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L. Frank Baum's work, including the Oz books, at the Central Library
by Jack Foran
Oz, Before the Movie
Before Judy Garland, the image people had of Dorothy in The Wizard of Oz was created by Roycroft institution artist William W. Denslow, who partnered with author L. Frank Baum on the initial volume of the blockbuster series of children’s books of a century ago. Further volumes in the series—there were 14 in all by Baum—were illustrated in imitation of Denslow’s illustrations by the comparably capable John R. Neill.
An exhibit on Baum, his life and literary career and creations—including originals of all 14 books in the Oz canon, together with précis plot summaries—is currently on display at the Buffalo and Erie County Public Library downtown. Also considering the continuing vitality of the Oz literary phenomenon, noting the Judy Garland (and Ray Bolger and Jack Haley and Bert Lahr) movie, which came out in 1939, and later illustration projects by the likes of Barry Moser and pop-up book artist Robert Saluda, who is said to have taken Nancy Reagan as his model for the Wicked Witch of the West.
The original Oz book was rejected by some public libraries on the basis of supposed lack of literary merit, but was an immediate popular success. Within two years there was a successful stage version of the story, and soon other spinoffs, like Parker Brothers’ offering of The Wonderful Game of Oz in 1921, a dozen years or so before the company hit it big with Monopoly.
Baum was raised on a farm in mid-state New York, but, as a somewhat sickly child, was sent to military boarding school to toughen him up. He spent a miserable two years there before suffering an apparent heart attack, whereupon he was allowed to return home to the farm. He seemed to like and take to farming, but also became interested in writing/publishing after his father bought him a small model printing press. From his farm home he published a little community newspaper. Later he published a trade journal on raising chickens, and eventually—through a commercial publisher—a book on care and management of a particular breed of chickens, called Hamburgs.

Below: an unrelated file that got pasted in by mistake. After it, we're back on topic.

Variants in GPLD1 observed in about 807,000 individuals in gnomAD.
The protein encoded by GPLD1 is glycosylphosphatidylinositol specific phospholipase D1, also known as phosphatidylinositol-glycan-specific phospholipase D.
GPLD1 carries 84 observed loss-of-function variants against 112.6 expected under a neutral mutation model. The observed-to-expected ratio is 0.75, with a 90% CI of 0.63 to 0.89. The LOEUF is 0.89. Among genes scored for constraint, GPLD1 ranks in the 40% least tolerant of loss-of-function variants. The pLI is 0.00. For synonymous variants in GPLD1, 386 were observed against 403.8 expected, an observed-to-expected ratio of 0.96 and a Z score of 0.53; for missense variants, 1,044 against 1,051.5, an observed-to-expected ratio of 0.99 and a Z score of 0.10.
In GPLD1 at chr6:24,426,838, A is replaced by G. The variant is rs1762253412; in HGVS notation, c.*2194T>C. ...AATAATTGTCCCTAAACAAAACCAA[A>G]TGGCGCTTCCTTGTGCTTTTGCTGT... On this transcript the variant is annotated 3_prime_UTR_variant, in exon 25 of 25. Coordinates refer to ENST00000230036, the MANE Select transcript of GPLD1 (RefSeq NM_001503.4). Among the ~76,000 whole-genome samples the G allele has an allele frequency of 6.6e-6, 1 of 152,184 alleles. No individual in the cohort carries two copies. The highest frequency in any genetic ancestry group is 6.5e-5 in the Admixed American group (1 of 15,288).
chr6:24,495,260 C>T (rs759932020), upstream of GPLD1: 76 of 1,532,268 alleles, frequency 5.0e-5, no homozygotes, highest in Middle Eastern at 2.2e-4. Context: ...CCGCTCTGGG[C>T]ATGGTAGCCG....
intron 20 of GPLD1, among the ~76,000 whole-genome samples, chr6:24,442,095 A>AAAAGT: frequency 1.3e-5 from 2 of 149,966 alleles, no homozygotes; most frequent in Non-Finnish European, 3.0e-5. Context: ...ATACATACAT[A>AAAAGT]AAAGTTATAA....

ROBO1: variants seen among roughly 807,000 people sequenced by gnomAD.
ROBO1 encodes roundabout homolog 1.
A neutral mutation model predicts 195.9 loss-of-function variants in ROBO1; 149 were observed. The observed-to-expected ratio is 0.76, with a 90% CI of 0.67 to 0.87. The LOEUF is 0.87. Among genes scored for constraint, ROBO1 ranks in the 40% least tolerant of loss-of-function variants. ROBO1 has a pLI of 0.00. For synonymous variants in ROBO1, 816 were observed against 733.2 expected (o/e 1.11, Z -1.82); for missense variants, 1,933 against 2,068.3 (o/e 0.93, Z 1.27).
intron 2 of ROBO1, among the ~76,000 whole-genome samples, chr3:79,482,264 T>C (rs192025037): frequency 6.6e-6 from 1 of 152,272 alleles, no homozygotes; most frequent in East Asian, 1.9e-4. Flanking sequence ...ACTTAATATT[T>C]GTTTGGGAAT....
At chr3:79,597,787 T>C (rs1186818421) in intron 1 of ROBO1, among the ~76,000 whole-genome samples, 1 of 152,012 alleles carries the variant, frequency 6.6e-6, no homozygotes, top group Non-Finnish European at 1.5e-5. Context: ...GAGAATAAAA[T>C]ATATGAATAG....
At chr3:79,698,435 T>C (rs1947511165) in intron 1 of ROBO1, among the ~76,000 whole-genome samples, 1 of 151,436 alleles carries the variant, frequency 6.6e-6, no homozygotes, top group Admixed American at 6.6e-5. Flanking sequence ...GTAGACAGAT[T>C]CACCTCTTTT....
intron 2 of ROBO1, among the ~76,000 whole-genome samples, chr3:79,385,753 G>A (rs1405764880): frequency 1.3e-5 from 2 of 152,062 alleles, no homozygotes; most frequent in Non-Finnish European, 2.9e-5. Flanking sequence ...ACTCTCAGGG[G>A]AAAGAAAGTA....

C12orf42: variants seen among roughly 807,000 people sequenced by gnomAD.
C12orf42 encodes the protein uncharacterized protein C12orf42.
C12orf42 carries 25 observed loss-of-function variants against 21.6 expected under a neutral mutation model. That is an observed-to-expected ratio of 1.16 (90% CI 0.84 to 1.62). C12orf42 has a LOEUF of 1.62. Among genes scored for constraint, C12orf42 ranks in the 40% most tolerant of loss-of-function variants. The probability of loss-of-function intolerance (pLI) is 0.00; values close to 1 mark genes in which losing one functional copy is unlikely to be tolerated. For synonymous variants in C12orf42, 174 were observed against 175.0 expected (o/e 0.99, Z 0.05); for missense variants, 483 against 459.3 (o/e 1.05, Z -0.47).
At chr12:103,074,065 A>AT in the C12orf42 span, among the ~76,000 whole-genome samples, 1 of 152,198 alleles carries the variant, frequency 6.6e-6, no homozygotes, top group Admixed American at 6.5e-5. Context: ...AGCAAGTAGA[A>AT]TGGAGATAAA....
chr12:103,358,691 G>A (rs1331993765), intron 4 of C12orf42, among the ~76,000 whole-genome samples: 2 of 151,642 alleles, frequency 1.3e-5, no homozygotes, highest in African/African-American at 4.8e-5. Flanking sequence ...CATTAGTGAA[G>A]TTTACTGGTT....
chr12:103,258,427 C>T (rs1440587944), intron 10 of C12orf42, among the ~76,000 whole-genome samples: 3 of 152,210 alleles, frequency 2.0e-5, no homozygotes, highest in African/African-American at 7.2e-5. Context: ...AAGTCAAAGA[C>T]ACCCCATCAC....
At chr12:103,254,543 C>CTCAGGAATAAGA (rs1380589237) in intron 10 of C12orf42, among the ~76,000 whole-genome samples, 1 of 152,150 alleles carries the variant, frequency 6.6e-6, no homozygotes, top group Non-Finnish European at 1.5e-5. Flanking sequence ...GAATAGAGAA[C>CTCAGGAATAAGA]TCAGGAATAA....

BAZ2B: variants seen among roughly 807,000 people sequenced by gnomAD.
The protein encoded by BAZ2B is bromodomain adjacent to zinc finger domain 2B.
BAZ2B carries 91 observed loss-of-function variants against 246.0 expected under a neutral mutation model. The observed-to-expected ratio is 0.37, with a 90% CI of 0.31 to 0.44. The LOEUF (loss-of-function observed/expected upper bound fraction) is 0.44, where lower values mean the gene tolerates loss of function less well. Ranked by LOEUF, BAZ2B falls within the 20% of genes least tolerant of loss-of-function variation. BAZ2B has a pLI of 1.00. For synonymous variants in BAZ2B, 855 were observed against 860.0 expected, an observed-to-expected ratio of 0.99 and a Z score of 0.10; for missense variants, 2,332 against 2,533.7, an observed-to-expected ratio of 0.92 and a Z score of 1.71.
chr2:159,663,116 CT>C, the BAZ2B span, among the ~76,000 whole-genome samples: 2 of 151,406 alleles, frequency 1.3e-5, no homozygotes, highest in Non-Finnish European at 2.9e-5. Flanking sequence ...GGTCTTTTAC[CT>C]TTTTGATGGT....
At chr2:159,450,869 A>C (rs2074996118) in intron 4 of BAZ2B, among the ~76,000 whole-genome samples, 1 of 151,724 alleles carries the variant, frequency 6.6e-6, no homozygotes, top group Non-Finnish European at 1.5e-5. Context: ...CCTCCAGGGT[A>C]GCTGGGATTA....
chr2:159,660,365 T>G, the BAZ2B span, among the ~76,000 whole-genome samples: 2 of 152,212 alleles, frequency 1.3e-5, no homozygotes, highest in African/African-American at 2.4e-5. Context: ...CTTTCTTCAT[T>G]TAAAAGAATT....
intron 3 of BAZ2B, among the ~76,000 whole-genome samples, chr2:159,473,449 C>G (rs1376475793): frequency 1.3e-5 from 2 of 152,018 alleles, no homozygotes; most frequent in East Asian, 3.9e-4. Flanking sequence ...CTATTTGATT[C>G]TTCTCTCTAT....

He had an active and inventive mind. A job as a traveling salesman led to jobs as a store window dresser, and the start-up of another trade journal, called The Show Window. At the same time, however, he was beginning to publish children’s books. The first one was Mother Goose in Prose, with illustrations by a young unknown at the time by the name of Maxfield Parrish. In a brief note in The Show Window, October 15, 1900, Baum wrote that “the generous reception by the American People of my books for children” have caused him “very reluctantly to resign as editor” of the trade journal. The first Oz book came out that same year.
Baum’s success over the next decade with the Oz books, and spinoffs such as they were, tempted an ill-advised venture into the movie business. In 1911 he moved to Hollywood, California, where he built a lavish and beautiful house in the Hollywood Hills, and almost immediately went bankrupt, forcing him to sell his copyrights on the Oz books.
Denslow actually shared the copyright on the first book, the one he illustrated, and the parting of ways of the two men occurred over a dispute over royalties on the stage version. Denslow was a Chicago-based newspaper and magazine editorial cartoonist when Elbert Hubbard hired him in 1896 as his first artist for his press works. Denslow and Baum probably were acquainted already—Baum lived in Chicago at the time—and soon began collaborations on several projects, including for The Show Window, and a volume of Baum’s poems, called By the Candelabra’s Glare, and a volume of his poems for children, called Father Goose, His Book.
Denslow was famous for his walrus mustache and for his signature on his artworks, consisting of a seahorse logo and the partial name “Den.” His (probable) portrait in sculptural relief in stucco can be seen above the main Gothic window on a gable of the Roycroft Chapel building in East Aurora.blog comments powered by Disqus
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